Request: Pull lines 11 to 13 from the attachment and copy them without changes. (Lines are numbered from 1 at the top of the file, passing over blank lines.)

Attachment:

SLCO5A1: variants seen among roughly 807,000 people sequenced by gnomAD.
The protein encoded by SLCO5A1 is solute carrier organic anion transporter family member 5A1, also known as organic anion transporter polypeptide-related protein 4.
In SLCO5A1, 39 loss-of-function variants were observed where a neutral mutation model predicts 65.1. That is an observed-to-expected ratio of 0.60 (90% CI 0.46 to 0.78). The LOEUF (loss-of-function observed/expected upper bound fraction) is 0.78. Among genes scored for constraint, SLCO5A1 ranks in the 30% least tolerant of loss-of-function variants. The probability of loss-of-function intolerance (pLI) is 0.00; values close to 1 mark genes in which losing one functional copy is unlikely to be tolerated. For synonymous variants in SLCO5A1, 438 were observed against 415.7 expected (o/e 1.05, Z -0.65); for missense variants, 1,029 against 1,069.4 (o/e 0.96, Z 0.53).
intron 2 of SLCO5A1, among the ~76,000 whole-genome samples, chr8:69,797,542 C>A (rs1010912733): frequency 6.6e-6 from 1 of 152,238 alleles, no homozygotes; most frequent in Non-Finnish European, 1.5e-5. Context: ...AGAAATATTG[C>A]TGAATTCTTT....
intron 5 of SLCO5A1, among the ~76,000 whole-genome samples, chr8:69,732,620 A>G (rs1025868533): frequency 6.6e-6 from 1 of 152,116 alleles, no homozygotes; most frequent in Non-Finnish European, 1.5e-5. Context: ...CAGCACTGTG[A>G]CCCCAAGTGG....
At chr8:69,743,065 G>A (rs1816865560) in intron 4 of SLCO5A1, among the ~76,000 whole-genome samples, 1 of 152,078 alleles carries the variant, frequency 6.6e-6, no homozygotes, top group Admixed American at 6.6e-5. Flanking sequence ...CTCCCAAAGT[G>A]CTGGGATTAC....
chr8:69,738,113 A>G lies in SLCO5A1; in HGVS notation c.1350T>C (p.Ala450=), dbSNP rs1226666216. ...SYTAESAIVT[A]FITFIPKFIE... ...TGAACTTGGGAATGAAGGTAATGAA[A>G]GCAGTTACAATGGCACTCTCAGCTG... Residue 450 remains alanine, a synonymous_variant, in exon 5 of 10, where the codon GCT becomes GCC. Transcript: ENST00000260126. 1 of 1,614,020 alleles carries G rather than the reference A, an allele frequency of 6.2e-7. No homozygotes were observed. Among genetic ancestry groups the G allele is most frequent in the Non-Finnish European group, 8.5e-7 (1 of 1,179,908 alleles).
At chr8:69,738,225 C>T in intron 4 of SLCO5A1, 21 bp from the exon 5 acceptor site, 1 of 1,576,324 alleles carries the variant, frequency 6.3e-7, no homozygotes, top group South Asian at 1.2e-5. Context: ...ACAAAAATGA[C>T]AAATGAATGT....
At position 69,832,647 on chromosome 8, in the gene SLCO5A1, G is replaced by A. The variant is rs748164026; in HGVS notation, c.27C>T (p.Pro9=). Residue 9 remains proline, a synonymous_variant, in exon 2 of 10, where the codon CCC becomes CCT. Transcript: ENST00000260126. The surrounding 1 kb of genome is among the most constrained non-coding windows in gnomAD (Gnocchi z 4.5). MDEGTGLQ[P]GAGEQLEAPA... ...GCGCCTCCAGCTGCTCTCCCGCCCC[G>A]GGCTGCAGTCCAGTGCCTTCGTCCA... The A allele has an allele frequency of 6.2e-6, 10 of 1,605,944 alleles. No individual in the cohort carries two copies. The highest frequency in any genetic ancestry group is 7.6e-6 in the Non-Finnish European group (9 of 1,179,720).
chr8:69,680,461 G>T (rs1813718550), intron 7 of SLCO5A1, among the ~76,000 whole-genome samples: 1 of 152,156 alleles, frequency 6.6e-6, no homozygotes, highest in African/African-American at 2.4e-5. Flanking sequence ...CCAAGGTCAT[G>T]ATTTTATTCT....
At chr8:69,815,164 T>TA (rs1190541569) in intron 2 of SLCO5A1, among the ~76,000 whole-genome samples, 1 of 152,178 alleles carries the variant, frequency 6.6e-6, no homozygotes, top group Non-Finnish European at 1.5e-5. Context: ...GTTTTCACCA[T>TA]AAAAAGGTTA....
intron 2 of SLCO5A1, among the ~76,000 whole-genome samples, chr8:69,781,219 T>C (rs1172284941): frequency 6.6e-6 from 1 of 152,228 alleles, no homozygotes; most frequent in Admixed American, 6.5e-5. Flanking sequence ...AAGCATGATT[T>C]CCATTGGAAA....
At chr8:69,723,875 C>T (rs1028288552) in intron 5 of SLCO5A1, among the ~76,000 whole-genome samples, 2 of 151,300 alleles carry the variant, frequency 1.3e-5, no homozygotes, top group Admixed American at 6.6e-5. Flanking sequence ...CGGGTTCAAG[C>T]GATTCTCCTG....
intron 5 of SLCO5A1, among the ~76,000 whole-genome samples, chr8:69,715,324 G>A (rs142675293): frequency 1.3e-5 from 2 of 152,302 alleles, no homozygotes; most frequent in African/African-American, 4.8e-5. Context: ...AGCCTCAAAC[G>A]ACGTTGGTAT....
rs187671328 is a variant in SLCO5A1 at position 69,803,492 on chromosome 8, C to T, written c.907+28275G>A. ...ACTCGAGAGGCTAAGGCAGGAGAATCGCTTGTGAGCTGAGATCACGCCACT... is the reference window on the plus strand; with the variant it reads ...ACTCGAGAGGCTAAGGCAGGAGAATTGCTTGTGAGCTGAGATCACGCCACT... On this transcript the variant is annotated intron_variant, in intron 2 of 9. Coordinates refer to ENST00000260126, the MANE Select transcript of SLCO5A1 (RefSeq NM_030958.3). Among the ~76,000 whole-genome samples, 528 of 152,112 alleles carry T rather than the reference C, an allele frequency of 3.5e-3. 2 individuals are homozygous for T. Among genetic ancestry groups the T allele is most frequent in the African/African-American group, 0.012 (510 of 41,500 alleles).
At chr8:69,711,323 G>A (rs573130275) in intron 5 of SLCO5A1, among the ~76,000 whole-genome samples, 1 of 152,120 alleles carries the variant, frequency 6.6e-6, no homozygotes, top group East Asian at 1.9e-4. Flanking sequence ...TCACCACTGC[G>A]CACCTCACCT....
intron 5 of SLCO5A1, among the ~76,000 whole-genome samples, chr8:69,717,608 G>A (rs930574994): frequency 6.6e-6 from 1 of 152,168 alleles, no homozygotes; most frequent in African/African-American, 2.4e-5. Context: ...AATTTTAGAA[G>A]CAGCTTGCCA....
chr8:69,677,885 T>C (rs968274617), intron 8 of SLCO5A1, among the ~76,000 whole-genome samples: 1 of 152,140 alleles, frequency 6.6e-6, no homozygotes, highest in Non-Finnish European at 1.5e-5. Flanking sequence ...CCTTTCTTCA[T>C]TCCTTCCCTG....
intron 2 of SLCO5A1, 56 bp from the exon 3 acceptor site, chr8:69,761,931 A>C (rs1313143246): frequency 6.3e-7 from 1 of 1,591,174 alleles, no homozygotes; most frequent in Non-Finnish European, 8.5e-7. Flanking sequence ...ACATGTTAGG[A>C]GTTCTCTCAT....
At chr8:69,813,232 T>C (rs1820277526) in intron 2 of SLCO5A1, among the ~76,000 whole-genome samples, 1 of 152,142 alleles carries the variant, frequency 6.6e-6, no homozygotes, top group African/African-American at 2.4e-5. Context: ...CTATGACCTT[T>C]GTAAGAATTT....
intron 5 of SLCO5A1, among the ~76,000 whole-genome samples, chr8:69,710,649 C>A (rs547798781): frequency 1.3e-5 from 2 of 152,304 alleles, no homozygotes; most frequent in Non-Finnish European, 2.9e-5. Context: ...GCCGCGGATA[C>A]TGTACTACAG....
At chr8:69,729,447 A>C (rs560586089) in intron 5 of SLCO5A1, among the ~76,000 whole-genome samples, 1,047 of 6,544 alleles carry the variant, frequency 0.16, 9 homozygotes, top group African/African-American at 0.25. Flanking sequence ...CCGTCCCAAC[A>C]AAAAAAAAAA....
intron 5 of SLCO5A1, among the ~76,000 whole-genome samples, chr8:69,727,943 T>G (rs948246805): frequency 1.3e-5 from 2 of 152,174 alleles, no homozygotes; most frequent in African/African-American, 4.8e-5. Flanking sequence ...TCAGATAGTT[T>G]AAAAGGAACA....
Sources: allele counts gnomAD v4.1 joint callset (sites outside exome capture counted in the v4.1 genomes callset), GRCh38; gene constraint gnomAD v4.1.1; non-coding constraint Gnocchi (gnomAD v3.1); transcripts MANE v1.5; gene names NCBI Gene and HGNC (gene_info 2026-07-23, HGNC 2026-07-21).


At chr8:69,815,164 T>TA (rs1190541569) in intron 2 of SLCO5A1, among the ~76,000 whole-genome samples, 1 of 152,178 alleles carries the variant, frequency 6.6e-6, no homozygotes, top group Non-Finnish European at 1.5e-5. Context: ...GTTTTCACCA[T>TA]AAAAAGGTTA....
intron 2 of SLCO5A1, among the ~76,000 whole-genome samples, chr8:69,781,219 T>C (rs1172284941): frequency 6.6e-6 from 1 of 152,228 alleles, no homozygotes; most frequent in Admixed American, 6.5e-5. Flanking sequence ...AAGCATGATT[T>C]CCATTGGAAA....
At chr8:69,723,875 C>T (rs1028288552) in intron 5 of SLCO5A1, among the ~76,000 whole-genome samples, 2 of 151,300 alleles carry the variant, frequency 1.3e-5, no homozygotes, top group Admixed American at 6.6e-5. Flanking sequence ...CGGGTTCAAG[C>T]GATTCTCCTG....